Thursday, October 23, 2008

"Talking Back to Contemporary Multicultural and Whiteness Pedagogies"

Introductory Bio

Jennifer Seibel Trainor is associate professor of English at San Francisco State University, where she teaches in the Graduate Program in Composition Studies. Her research focuses on critical literacy, antiracist education, and theories of rhetoric and persuasion. She teaches graduate courses in research methods, composition theory and pedagogy, and literacy theory, as well as undergraduate courses in writing. She is a recipient of NCTE’s Promising Research Award and a member of the National Writing Project. She served on the executive committee of NCTE's Assembly for Research. Trainor's articles have appeared in College English, College Composition and Communication, and The Journal of Advanced Composition. Her book, Rethinking Racism: Emotion, Persuasion, and Literacy Education in an All-White High School, is forthcoming from Southern Illinois University Press in a few weeks.

Blog Entry

For the past several years, my efforts to address diversity have been centered on efforts to address racism and on creating effective antiracist pedagogies. I guess you could say I’ve been focused less on diversity than on impediments to it, particularly as those impediments manifest in the classroom, in white students’ sometimes racially-charged assertions, their defensiveness, and the difficulty they sometimes have in exploring issues of racial justice. This has led me to several research projects that investigate how white students respond to matters of race, the most recent a year-long ethnographic project at a suburban high school – 97% white -- located outside a mid-sized city in the Northeast. Of the insights about the workings of racism and the potential for antiracist pedagogies gleaned from this work, I’d like to share three:

Insight #1

We need a more complex understanding of the origins and sources of racism. Our current diagnoses – that racism arises from a need or desire to protect white privilege, ignorance of oppression, or lack of exposure to difference – don’t really capture the complexity of the processes by which students become convinced of particular ideas about race. These diagnoses are rooted in assumptions about reason and rationality: white students don’t know about oppression and so they dismiss it when confronted with it in a text, or white students are threatened by texts that protest racism because they understand on some level that they benefit from racism and hence resist out of a desire to maintain their racial privilege. Instead, we need to think of racism in terms of irrationality and emotion, and to see that students’ responses to matters of race are affective, more than logical or rational, rooted not so much in abstract political or identity-based calculations, but in local experiences and feelings that are to a surprising extent given force in school, a point that leads to Insight #2:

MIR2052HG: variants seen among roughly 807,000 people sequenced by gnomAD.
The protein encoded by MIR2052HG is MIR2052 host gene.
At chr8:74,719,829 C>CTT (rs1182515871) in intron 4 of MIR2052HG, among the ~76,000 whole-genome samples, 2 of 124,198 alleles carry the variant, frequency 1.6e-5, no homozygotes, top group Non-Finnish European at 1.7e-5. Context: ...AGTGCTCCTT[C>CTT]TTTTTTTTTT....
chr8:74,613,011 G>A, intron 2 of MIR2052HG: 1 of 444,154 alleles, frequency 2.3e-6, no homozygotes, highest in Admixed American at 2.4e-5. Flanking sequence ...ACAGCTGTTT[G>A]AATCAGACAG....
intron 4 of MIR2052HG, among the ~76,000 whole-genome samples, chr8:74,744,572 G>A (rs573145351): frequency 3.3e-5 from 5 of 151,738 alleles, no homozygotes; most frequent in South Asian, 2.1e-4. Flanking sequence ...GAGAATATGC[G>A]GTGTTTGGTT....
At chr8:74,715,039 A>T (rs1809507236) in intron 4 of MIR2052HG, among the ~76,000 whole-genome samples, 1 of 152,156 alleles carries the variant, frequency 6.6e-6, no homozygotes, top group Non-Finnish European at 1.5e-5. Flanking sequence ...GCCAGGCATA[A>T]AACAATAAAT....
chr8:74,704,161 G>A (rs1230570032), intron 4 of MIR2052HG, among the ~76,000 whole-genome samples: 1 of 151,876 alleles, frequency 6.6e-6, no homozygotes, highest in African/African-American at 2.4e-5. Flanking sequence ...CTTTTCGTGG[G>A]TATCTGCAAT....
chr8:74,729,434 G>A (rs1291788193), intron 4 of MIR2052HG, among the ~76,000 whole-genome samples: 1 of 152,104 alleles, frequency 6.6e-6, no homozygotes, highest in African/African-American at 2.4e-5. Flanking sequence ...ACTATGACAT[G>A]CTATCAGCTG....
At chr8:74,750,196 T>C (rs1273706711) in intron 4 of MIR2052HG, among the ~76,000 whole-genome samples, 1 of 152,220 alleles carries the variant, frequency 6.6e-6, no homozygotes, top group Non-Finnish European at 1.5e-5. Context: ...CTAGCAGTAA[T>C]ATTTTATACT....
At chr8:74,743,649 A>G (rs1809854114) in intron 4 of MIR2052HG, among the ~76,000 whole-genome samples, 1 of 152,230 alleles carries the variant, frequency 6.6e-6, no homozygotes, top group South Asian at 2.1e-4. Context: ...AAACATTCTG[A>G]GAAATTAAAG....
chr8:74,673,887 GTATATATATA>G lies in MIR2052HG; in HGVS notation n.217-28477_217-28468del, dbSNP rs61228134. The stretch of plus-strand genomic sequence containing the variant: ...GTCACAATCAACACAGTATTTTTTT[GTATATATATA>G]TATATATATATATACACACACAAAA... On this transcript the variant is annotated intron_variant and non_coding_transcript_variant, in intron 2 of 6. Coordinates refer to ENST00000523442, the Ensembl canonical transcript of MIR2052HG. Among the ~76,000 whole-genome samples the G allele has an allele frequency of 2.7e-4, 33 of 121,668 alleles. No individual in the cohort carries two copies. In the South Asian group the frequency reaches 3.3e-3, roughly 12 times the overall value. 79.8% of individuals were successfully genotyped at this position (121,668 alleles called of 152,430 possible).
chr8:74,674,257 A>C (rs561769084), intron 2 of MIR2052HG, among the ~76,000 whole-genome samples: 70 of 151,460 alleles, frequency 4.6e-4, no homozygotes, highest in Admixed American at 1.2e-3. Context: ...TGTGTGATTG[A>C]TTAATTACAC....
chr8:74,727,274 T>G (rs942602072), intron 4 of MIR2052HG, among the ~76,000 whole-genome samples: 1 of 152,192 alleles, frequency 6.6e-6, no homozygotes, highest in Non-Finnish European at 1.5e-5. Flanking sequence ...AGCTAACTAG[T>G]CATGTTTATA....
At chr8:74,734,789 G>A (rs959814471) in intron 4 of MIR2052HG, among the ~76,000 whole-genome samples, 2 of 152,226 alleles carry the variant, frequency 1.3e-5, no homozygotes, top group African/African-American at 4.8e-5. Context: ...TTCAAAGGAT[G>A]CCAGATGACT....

Insight #2

We don’t teach students about race only in those moments when we assign a multicultural text or include a unit that critiques whiteness or privilege. As Amanda Lewis writes, schools may not teach racial identity in the way that they teach multiplication or punctuation, but schools are settings where students acquire some version of the “rules of racial classification,” and of their own racial identity. We haven’t fully grappled with how students learn about race in the context of everyday interactions in school, but in my research I began to see how tacit, unexamined lessons, rituals and practices in school exerted a powerful influence on students’ responses to matters of race. To take a quick example: the high school where I did my research pervasively valued “positive thinking.” Students were exhorted constantly by teachers and administrators to “look on the bright side,” “focus on the positive,” and “keep up a good attitude.” There were bright yellow beanbags with smiley faces sitting along one wall of the classroom. The student aid who recited the pledge of allegiance each day over the PA system always added “Have a great day!” at the end of her recitation. This focus on positive thinking emotionally predisposed students to look negatively upon fictional characters, real individuals or groups of people who did not appear to present a positive outlook on life, which in turn fueled sometimes hostile or racist responses to critiques of racism, which were perceived as whining or complaining.
We often think that if we find the right argument, the right assignment or reading, we can convince students to give up problematic racial beliefs. But my research suggests a different persuasive process at work, one articulated by Kenneth Burke, who writes that persuasion takes place not through “one particular address, but [through] a general body of identifications that owe their convincingness much more to trivial repetition and dull daily reinforcement.” We need to examine these seemingly trivial practices, taken-for-granted values, and daily-reinforced routines of schooling, in order to understand how they scaffold students’ learning about race.